Saint Rose, or Santa Rosa, born in the Northern Lazio city of Viterbo in 1235, didn't have a lot of luck. She died at the end of her teens, although not before having set in motion her canonization over 200 years later, due to her holiness and miraculous powers. Unfortunately, even the sands of time have been unkind to Santa Rosa, as many of the records of her acts have since been lost, although those that do remain detail her banishment from Viterbo due to being so successful as to be considered a serious threat to the holy Roman emperor.
Thankfully though, Santa Rosa was allowed to return to the city of her birth in 1251, although it was just a year later that she succumbed to a heart condition called Cantrell's syndrome.
Santa Rosa is the patron saint of people in exile, people rejected by religious orders, and indeed, the city of Viterbo. To honor her, the Viterbese celebrate her feast day on the 4th September, with a large market and various festivities throughout the city. On the evening of the 3rd September, 100 men (the porters, or Facchini di Santa Rosa) transport a 28 meter high construction, the Macchina di Santa Rosa, through the streets of Viterbo, echoing the route her body took in 1258, from the former church of Santa Maria del Poggio to the church of Santa Maria delle Rose. The whole route is apparently a little bit more than 1km. If you want to see it, get there early as the surrounding streets fill up pretty quickly.
|About an hour before the Macchina arrived, we were ready. Apparently a few other people were as well.|
The transport of the Macchina begins at the Porta Romana. Around 8pm (theoretically, although it seemed to start much later when we were there), the 800 candles of the Macchina are lit and the street lights along the route and nearby streets are switched off. At around 9pm, the porters begin the first leg of the route, usually signaled to the rest of the spectators along the route by raucous cheering. When we heard this, we knew we had another hour or so to wait before the Macchina would hopefully make an appearance. Just enough time to queue for another beer :-)
|Always the shy one, La Macchina peaks out above a nearby building|
Of course, the porters can't carry the Macchina all the way in one go. In fact, they stop at a number of places along the way. Most of the porters only carry the Macchina for some of the way, swapping with others for different legs of the journey. The porters take a break at:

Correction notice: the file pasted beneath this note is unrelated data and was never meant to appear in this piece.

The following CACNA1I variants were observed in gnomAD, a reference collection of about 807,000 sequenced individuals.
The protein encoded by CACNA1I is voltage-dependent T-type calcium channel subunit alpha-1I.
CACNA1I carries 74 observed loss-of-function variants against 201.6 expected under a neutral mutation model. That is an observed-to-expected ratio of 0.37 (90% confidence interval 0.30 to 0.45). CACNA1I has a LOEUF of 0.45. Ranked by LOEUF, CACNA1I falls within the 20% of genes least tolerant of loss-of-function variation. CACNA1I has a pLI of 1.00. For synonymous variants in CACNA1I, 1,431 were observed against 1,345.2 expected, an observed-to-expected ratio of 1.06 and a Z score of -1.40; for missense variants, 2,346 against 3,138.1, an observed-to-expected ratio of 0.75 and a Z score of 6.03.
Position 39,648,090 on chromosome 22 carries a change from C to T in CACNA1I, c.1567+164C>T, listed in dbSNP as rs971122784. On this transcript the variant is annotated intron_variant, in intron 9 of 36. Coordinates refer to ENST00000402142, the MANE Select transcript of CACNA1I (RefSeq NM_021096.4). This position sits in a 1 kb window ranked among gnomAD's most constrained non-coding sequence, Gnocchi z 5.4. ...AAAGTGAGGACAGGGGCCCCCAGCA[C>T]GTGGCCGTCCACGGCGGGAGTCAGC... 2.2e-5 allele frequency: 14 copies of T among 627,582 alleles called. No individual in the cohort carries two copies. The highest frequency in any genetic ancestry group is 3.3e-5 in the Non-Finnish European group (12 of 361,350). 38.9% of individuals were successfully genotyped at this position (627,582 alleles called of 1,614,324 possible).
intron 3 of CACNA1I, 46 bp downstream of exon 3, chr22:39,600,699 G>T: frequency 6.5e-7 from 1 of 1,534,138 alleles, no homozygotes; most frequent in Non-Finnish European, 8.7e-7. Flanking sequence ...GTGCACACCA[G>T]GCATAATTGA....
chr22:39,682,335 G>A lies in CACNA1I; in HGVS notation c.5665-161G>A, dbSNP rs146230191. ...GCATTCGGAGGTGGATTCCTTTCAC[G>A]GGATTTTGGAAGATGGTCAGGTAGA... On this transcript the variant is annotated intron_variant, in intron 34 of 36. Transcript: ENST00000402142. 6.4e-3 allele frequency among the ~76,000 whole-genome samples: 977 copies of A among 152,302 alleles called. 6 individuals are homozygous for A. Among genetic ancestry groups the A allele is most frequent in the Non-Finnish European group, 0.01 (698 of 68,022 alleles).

- Piazza Fontana Grande
- Piazza del Plebiscito (in front of the guildhall)
- Piazza delle Erbe
- Corso Italia (in front of the church Santa Maria del Suffragio)
- Piazza del Teatro.
|Here, after waiting for about 2.5hrs, we get our view|
As you can see from the photos, the Macchina is quite eye-catching. It's redesigned every 5 years. The construction's maximum height has to be 28 meters, with a maximum width of 4.3 meters, in order to allow it to pass through the narrow medieval streets. The last time we went was in 2009 (when these photos were taken), which was the first time the current Macchina, called 'Fiore del Cielo', or Flower of the Sky, was used. Designed by architects Artuto Vittori and Andreas Vogler, the design is characterized by three golden helices twisting skywards.
|Yes I know this photo is so big it messes up the page but I wanted you to see Fiore del Cielo in all her glory|
The last stretch up to the church of Santa Rosa is quite steep, so the Macchina stays there for quite some time. This is a good place to view if you can get there early enough to get a good position. If you can't get too close to La Macchina on the night itself, you'll get another chance in the following days as it is left in front of the church for viewings.
So, if you're in or near Viterbo around the 3rd September, why not head down there to check out this ancient festival? It's one of the more unusual and emotional spectacles in Northern Lazio and is a really great occasion as the whole city comes out to celebrate and take part in the festivities.